“I came to know and respect many young refugees and asylum seekers and to hear of their suffering and endurance is sometimes beyond our capacity to understand.”

A chapter on emotional distress includes a teenager being bombarded with news of Covid-19, the death toll constantly reminding him of the dead family and friends he's left behind in war-torn Iraq.

Although Declan writes mainly about young people, what he has uncovered is common to all ages no matter what country they come from. He goes into detail of what is required of the person seeking refuge and the reaction of the authorities, not always sympathetic.

In his research Declan, himself from Ireland, has found that this is a welcoming country although there are downsides – such as the high cost of living and the risks of being used as cheap labour or forced into prostitution.

Fresh in people's minds is the tragedy last October when 39 Vietnamese nationals were found dead in a trailer. Their families had sold the farms and borrowed money to pay smugglers to take their sons and daughters to a place of safety and a better life.

Over 20,000 men, women and children are presumed drowned in the Mediterranean since 2014. For an asylum seeker the journey to safety is torturous; often they witness family members being raped or murdered.

:: There is help

The Northern Ireland Community of Refugees and Asylum Seekers (NICRAS) is the only refugee-led organisation that represents the interests of the refugee community.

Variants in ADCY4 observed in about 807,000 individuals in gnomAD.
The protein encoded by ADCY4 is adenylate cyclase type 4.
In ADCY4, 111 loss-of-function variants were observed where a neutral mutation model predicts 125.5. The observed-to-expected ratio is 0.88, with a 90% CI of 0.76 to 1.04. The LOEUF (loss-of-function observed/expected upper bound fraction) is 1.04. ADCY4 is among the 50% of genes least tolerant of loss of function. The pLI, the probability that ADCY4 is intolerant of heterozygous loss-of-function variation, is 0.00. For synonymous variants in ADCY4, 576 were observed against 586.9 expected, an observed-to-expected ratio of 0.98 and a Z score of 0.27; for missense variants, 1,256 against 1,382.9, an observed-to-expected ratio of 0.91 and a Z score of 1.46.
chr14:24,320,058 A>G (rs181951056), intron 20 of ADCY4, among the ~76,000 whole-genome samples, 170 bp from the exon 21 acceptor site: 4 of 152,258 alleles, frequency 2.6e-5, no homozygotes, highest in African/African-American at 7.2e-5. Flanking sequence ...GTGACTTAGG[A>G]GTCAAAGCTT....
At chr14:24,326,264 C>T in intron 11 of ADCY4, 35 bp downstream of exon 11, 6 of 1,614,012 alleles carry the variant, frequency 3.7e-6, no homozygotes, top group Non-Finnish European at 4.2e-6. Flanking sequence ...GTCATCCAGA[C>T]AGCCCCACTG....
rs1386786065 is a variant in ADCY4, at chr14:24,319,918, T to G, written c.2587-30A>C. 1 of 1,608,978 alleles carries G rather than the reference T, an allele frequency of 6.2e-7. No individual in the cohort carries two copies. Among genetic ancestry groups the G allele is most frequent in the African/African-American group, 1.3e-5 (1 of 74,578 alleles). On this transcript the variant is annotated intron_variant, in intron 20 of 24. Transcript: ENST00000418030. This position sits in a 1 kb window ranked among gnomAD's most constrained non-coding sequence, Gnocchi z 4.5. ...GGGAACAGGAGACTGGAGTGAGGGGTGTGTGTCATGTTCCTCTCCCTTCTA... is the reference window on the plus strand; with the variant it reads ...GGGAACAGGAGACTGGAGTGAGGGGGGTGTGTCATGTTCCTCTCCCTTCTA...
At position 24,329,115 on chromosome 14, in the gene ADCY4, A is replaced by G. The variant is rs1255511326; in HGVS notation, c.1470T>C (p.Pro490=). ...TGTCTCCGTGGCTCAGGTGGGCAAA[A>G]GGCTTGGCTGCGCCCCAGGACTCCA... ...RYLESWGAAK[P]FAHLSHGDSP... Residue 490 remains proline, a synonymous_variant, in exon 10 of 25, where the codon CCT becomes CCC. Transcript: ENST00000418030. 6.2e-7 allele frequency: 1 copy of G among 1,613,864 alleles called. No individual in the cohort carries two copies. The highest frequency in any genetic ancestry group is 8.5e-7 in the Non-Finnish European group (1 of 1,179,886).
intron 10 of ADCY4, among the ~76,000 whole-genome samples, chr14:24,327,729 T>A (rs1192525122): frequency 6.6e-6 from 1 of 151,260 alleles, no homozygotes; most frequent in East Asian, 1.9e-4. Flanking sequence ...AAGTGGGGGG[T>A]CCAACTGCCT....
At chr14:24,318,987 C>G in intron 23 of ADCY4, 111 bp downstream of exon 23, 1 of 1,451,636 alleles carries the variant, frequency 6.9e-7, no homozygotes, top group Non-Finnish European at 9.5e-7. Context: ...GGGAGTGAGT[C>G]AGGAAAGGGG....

NICRAS Aims To:

:: Support the integration process of refugees and asylum seekers into local communities throughout Northern Ireland.

:: Raise awareness of the issues, problems and difficulties faced by refugees and asylum seekers.

:: Inform members of relevant changes to immigration policy and legislation

:: Organise social and recreational events.

:: Respond to the changing needs of its members.

:: Advocate for improved circumstances of asylum seekers and refugees.

Their Covid-19 Response is a partnership project with Homeplus, South Belfast Roundtable, South Belfast Foodbank, Embrace and Storehouse, organisations that have coordinated to deliver food supplies to the refugee and asylum seeker community in Belfast.

:: Contact: info@nicras.org.uk or telephone 028 9024 6699. For Declan Henry's book go to www.criticalpublishing.com

:: Christmas concert

IT WAS my pleasure to take part in a Northern Ireland Opera film of Christmas music and readings. It will be so beautiful to watch as the setting is the historic Rosemary Street Church in Belfast which was dressed in garlands and candles, with music rising to the ancient rafters.

The City Hall also makes a spectacular appearance; from there Sean Rafferty will host the concert – The Priests, Ruth McGinley, Neil Martin, David Carr, singers and musicians, including Daniel Perskawiec on sitar, all contributing to ‘At Home For Christmas' which will be shown on Wednesday December 16 at 8pm.

Get comfy, a seasonal drink, switch on the Christmas tree lights and turn to www.youtube.com/northernirelandopera